Janet Morrison leads our children's education efforts here at Central Dallas Ministries. Recently, Janet completed work on her Ed. D. from Texas A & M Commerce in education. She graduated in December.
She is a whiz and a devoted mentor, leader, coach and teacher of children.
Across the years I've hired lots of amazing people. Our staff numbers over 100 today. But, I must say, I've never hired anyone better than Janet. Many equally as talented in their various areas of expertise and passion, but Janet ranks among the top in my book.
Let me give you a piece of friendly advice: don't be messin' with "Miss Janet's kids"!
Earlier this week Janet received the following email message from one of "her kids." The young woman who wrote these words is 14-years-old, Latina and very involved in Janet's civil rights education program.
As Janet told me, "she wants so badly to believe that race doesn't matter." The young woman's experience is forcing her to deal with some ugly facts of life in our nation. I'll let her speak for herself.
I wanted to tell you something that caught my attention and still hasn`t let go.
Well I was chosen to represent my school in the Magnet fair on Saturday.
I had to talk to many parents and explain how Atwell [a DISD public school] will benefit their children and all the other good stuff.
Well I had many parents who did not speak English. I met this lady named Maria, a mother of two 6th grade girls. Everything was going great, questions were being answered and a good conversation was being held until she asked "What kind of people attend Atwell?"
I responded 7th and 8th grade students.
She was like, "No, I mean race like."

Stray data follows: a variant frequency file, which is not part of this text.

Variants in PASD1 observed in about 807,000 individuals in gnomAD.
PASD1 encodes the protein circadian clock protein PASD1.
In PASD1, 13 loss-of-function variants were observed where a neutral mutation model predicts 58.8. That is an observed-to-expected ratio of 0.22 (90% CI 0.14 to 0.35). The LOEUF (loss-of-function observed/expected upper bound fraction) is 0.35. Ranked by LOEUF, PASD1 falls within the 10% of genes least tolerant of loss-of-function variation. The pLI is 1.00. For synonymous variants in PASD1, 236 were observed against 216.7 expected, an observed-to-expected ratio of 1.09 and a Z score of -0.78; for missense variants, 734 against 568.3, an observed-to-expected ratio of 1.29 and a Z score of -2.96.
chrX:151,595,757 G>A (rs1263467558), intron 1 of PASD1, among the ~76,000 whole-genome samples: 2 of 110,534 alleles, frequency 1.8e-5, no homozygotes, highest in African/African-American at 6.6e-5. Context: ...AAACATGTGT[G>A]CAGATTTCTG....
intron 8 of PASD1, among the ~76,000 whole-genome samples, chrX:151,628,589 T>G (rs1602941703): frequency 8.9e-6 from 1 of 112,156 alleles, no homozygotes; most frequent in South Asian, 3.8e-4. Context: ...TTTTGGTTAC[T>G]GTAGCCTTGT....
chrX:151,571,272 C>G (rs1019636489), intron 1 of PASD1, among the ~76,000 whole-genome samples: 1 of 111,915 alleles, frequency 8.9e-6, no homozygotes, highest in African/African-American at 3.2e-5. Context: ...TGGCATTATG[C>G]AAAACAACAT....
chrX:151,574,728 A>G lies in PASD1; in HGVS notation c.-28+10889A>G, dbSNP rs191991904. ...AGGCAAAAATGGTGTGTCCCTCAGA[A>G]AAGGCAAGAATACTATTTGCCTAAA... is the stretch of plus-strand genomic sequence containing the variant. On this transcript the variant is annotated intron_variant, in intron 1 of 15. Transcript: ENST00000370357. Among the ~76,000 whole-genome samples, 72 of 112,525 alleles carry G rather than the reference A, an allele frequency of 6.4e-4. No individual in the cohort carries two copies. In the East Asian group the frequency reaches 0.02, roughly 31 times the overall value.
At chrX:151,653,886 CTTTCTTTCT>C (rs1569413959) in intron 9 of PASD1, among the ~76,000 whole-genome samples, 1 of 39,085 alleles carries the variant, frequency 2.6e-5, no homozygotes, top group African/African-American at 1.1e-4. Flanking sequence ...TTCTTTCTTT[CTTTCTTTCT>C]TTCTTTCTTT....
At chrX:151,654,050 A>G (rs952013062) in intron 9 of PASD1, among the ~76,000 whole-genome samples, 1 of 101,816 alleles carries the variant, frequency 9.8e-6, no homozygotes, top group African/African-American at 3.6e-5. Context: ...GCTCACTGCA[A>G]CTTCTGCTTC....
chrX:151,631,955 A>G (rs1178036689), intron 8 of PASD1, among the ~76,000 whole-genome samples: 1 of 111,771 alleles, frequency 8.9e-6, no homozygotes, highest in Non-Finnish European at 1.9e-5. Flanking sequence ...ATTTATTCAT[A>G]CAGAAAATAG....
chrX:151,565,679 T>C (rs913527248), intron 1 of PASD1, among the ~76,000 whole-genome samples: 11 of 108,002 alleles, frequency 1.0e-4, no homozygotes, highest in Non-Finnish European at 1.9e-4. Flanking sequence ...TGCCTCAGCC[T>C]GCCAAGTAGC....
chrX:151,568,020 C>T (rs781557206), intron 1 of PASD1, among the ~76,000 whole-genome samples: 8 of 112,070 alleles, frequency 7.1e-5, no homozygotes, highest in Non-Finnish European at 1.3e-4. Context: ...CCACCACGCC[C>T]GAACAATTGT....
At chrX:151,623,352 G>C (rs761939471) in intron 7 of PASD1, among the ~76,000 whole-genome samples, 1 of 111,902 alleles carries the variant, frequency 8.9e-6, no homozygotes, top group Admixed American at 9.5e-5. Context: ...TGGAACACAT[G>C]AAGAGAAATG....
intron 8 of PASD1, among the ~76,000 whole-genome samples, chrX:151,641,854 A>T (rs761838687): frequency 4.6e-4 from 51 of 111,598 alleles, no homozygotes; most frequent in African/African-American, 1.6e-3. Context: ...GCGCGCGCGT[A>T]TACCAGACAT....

I asked, ''Why does it matter, if we all get along fine?"
She just looked at me, so I answered the question.
"There's more blacks than Hispanics, and more Hispanics than Anglos."
Then she responded, "Oh then, Atwell isn't what my daughters need."
I just said, "Okay. Have a nice day."
Later that night all I could think of was that small comment.
So, I started thinking, yeah we might be different color, but were all equal. We were made by one creator GOD. So,why do we think we're more than others, when we're really not?
And, if we think about it, we make others who think they're less than us feel bad. I mean, God gave us a mind of our own, put us on Earth where we have everything we need. All we need to do is use our creativity.
No matter if we're black, red, or even green, we were put here by the same person for one purpose. So why should we take so much from others who are just like us?
As I read her words, my mind shifted backwards to the days following the Katrina disaster in New Orleans and to the discussion about race and poverty in America. A number of people argued with me--some very heatedly!--that racism was no longer a problem in our country. How naive.
We have so much work to do.
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